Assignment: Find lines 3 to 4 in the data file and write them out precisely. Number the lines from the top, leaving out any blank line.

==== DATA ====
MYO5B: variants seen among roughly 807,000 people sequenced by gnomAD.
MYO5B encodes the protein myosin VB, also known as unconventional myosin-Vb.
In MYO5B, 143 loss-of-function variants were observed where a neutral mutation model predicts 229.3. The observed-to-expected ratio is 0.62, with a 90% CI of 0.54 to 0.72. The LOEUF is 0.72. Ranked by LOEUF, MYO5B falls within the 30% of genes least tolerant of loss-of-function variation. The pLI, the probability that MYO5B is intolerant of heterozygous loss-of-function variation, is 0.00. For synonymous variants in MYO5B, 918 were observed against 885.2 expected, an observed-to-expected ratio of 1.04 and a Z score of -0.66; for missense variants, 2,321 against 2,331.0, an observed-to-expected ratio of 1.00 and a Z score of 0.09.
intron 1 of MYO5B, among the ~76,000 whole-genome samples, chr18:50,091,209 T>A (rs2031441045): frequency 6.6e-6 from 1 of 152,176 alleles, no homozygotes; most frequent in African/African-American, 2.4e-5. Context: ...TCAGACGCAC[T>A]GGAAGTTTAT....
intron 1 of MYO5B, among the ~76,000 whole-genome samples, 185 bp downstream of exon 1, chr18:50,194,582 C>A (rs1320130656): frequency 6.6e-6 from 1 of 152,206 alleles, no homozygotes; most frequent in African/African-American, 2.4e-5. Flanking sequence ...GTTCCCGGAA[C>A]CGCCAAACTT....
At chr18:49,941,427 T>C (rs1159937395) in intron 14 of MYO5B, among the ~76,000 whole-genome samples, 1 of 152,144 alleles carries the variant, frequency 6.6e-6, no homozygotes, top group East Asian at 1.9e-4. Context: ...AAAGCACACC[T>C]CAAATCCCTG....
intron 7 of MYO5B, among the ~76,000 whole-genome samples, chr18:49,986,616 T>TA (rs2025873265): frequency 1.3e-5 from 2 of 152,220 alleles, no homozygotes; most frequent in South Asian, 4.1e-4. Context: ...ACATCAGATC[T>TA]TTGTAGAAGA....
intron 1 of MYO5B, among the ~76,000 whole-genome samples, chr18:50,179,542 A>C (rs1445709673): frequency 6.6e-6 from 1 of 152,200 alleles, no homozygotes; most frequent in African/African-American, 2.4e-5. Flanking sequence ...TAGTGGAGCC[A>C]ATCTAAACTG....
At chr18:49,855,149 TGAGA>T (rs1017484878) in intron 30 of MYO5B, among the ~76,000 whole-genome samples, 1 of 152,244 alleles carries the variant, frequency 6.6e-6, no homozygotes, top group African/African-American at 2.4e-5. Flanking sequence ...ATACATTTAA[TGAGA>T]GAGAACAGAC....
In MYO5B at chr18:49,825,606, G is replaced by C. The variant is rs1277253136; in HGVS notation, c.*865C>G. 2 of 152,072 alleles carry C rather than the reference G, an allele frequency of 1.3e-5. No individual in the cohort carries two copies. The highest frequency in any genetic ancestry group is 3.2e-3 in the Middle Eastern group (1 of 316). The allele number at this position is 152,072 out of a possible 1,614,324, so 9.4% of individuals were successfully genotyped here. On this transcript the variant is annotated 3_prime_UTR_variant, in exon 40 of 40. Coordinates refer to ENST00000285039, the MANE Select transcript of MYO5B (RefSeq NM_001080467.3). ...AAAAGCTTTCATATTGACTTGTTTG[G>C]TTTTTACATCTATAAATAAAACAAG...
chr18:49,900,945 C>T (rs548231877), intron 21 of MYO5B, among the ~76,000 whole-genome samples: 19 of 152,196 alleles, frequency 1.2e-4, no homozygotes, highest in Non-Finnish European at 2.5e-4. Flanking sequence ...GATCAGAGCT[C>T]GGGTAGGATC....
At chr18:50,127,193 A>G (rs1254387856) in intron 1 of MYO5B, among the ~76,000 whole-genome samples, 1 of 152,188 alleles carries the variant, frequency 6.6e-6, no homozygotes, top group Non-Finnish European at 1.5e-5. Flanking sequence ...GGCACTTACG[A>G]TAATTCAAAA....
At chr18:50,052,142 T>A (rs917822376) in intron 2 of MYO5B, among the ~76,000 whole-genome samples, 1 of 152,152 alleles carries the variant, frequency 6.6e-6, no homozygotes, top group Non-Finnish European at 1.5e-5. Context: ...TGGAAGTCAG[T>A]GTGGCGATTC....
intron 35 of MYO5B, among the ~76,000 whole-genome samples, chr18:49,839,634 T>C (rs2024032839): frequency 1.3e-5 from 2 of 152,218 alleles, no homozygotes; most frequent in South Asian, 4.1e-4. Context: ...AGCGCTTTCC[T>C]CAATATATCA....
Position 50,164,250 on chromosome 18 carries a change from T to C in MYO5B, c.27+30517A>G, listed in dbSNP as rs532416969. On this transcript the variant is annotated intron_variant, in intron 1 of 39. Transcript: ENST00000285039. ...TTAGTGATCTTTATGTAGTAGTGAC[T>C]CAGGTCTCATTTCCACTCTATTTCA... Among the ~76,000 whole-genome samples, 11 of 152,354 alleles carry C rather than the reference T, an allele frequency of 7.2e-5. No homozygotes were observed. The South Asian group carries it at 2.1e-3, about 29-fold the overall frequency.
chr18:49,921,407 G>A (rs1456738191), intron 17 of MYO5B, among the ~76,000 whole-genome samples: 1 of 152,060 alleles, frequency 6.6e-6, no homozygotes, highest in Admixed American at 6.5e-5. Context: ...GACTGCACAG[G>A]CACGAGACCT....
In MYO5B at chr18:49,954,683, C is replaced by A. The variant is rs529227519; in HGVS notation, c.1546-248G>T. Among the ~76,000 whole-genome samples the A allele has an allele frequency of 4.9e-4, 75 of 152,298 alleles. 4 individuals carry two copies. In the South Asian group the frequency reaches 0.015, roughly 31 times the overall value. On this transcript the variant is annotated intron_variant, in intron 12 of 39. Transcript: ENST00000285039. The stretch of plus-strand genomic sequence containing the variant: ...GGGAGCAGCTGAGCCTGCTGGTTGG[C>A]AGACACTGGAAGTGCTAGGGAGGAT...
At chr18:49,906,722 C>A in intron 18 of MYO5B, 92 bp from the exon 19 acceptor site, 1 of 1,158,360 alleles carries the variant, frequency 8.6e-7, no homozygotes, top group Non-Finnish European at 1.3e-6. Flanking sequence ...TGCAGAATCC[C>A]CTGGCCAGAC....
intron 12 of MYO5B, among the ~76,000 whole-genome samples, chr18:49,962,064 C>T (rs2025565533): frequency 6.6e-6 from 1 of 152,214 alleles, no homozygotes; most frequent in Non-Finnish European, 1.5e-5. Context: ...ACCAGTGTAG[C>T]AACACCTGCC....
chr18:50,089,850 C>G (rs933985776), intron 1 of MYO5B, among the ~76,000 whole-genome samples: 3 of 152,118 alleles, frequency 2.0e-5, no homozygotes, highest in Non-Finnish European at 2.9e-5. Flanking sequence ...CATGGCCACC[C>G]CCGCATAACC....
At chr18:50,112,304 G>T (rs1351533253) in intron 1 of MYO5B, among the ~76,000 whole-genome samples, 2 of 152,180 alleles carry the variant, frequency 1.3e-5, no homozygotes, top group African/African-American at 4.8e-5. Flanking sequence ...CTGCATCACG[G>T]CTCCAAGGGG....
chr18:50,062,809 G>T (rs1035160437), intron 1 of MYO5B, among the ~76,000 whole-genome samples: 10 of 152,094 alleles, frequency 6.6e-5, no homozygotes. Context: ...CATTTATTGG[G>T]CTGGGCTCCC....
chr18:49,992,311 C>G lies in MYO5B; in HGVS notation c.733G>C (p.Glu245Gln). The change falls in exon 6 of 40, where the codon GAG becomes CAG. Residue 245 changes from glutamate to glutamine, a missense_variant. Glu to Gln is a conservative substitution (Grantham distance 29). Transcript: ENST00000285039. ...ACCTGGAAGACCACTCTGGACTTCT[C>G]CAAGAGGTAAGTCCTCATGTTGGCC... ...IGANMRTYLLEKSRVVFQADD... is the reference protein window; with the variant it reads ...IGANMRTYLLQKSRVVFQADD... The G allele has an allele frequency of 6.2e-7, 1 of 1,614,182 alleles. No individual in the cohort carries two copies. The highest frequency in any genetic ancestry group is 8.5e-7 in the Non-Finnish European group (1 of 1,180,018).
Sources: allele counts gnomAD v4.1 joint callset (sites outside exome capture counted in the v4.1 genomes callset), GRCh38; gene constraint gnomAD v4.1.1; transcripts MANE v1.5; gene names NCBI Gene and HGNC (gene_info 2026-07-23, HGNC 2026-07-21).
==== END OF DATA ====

In MYO5B, 143 loss-of-function variants were observed where a neutral mutation model predicts 229.3. The observed-to-expected ratio is 0.62, with a 90% CI of 0.54 to 0.72. The LOEUF is 0.72. Ranked by LOEUF, MYO5B falls within the 30% of genes least tolerant of loss-of-function variation. The pLI, the probability that MYO5B is intolerant of heterozygous loss-of-function variation, is 0.00. For synonymous variants in MYO5B, 918 were observed against 885.2 expected, an observed-to-expected ratio of 1.04 and a Z score of -0.66; for missense variants, 2,321 against 2,331.0, an observed-to-expected ratio of 1.00 and a Z score of 0.09.
intron 1 of MYO5B, among the ~76,000 whole-genome samples, chr18:50,091,209 T>A (rs2031441045): frequency 6.6e-6 from 1 of 152,176 alleles, no homozygotes; most frequent in African/African-American, 2.4e-5. Context: ...TCAGACGCAC[T>A]GGAAGTTTAT....